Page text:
MAN regeneration 04 June 2014
As Euro 6 slips quietly into regular haulage work, fleet engineers in the petroleum delivery sector need extra reassurance. Ian Norwell reports
MAN's domination of the 'pet reg' tanker chassis sector – the truck manufacturer has a commanding 80% share of forecourt distribution – has led to some early action on DPF (diesel particulate filter) regeneration control. Why? Because, although the sector is primarily governed by the ADR regulations (European agreement concerning the international carriage of dangerous goods by road), UK fleets also need to comply with SLP (Safe Loading Pass) rules. And it is one of the committees around the latter that has raised concerns over exhaust temperatures during DPF regeneration.
No one wants to criticise an extra layer of safety-based compliance in a sector carrying such high-risk loads, but it's a pity that ADR is not seen as sufficient. It is in Europe. It is also the case that rules being imposed on communications between truck manufacturers may be hindering progress with an all-brands solution over technical issues.
That said, at the recent FPS (Federation Of Petroleum Suppliers) annual exhibition in Harrogate, Keith Mulhall, sales engineering manager for MAN Truck & Bus UK, confirmed that Euro 6 has raised issues in the SLP committee that wouldn't bother regular haulage fleets. "Temperatures resulting from DPF regeneration can be 300—400 C at the exhaust," he explained. That needn't be a problem, since predicting when regeneration will take place is relatively easy and alerts are automatically initiated. However, MAN has also relocated the static regeneration switch on its petroleum tractors away from the diver's control.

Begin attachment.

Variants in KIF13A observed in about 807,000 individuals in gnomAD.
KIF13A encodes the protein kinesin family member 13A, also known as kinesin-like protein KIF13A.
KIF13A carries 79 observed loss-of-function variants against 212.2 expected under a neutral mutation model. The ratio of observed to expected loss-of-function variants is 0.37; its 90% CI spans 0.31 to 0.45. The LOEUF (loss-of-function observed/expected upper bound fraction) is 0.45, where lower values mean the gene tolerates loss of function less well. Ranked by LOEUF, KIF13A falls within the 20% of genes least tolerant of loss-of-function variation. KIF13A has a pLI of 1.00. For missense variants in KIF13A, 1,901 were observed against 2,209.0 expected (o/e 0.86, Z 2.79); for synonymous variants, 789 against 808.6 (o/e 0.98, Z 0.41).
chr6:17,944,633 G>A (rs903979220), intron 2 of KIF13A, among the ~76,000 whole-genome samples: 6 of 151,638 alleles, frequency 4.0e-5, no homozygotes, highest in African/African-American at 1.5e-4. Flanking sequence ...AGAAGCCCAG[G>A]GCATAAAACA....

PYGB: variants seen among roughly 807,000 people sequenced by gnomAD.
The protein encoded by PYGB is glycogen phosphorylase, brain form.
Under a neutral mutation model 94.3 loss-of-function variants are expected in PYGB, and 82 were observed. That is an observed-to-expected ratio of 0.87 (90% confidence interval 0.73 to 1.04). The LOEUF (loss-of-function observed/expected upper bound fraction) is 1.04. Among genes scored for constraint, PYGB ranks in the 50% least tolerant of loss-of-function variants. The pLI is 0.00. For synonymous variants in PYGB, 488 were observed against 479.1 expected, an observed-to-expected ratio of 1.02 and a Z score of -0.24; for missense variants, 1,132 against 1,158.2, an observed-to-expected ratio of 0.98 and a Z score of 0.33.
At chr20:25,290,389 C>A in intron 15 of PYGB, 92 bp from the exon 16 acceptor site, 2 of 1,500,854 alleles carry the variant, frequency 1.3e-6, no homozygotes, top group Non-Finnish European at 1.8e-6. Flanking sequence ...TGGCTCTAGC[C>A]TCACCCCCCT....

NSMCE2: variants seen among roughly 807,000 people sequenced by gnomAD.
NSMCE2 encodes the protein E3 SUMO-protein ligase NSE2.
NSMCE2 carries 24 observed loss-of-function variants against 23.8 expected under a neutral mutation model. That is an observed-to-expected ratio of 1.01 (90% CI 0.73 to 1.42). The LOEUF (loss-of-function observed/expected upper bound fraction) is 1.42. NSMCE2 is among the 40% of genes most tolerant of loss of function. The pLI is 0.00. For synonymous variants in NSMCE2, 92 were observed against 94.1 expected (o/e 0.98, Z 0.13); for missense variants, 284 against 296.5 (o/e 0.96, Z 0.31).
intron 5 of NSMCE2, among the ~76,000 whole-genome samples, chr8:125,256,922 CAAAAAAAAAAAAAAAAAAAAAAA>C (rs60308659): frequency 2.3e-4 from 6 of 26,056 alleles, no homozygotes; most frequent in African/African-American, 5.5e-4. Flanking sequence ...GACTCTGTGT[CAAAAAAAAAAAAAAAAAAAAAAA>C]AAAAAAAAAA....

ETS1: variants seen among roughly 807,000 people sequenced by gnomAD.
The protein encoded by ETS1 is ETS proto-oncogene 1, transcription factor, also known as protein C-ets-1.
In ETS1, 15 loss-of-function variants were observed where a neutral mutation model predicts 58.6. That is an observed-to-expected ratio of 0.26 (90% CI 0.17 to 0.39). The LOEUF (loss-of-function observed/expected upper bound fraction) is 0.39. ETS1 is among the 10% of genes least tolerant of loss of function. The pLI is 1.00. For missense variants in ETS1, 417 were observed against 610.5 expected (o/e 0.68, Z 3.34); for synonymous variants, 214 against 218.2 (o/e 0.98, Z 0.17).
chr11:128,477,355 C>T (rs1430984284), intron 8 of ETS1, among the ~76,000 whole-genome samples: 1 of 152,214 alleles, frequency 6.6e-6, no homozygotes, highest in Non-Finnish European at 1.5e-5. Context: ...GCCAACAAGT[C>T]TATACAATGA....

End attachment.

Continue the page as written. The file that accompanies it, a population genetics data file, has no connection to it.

And there's more. Maintenance cycles and a new Microlise telematics module now combine to circumvent the issue, according to Mark Price, international key account manager for MAN. Conceding that regeneration events may be necessary with urban operations, given their lower operating temperatures, he says that MAN's Comfort maintenance programme gives ample notice but that, also, extra telematics data will soon be available.
MAN is nearing the end of field trials that will add its own telematics to the existing Microlise system. "The current architecture relies on access to the vehicle CANbus electronics, through an FMS gateway," explains Price. "The new TBM2 [telematics module] will continue to utilise Microlise software, but, because it is MAN's own unit, it will now have direct access to CANbus data, providing improved engine and driveline information."
As for the rest, MAN's TGS Euro 6 24.440 6x2 midlift Lite tractor – which made its debut on the FPS stand in full ADR/SLP compliant form – is now fitted with what the manufacturer claims is the smallest AdBlue tank available. "We now have a 24-litre tank, which is sufficient to cover three 450-litre diesel tank fills," comments Price. "We've been able to give a little extra chassis space to other components, due to our reduced AdBlue consumption at Euro 6, which is now 2.5—3.0%." And he adds that operators have now established better supplies for AdBlue, meaning less now needs to be carried.
Why choose MAN? Price says it's more than the detailed industry solutions and not just the ERF heritage. "We've invested in product and support like no other brand in this demanding arena. Specialist MAN petroleum regulation fitment centres, and 21 HazMAN locations in our network give the best-equipped and most professionally staffed support for hazardous good operators."
MAN Truck & Bus UK Ltd
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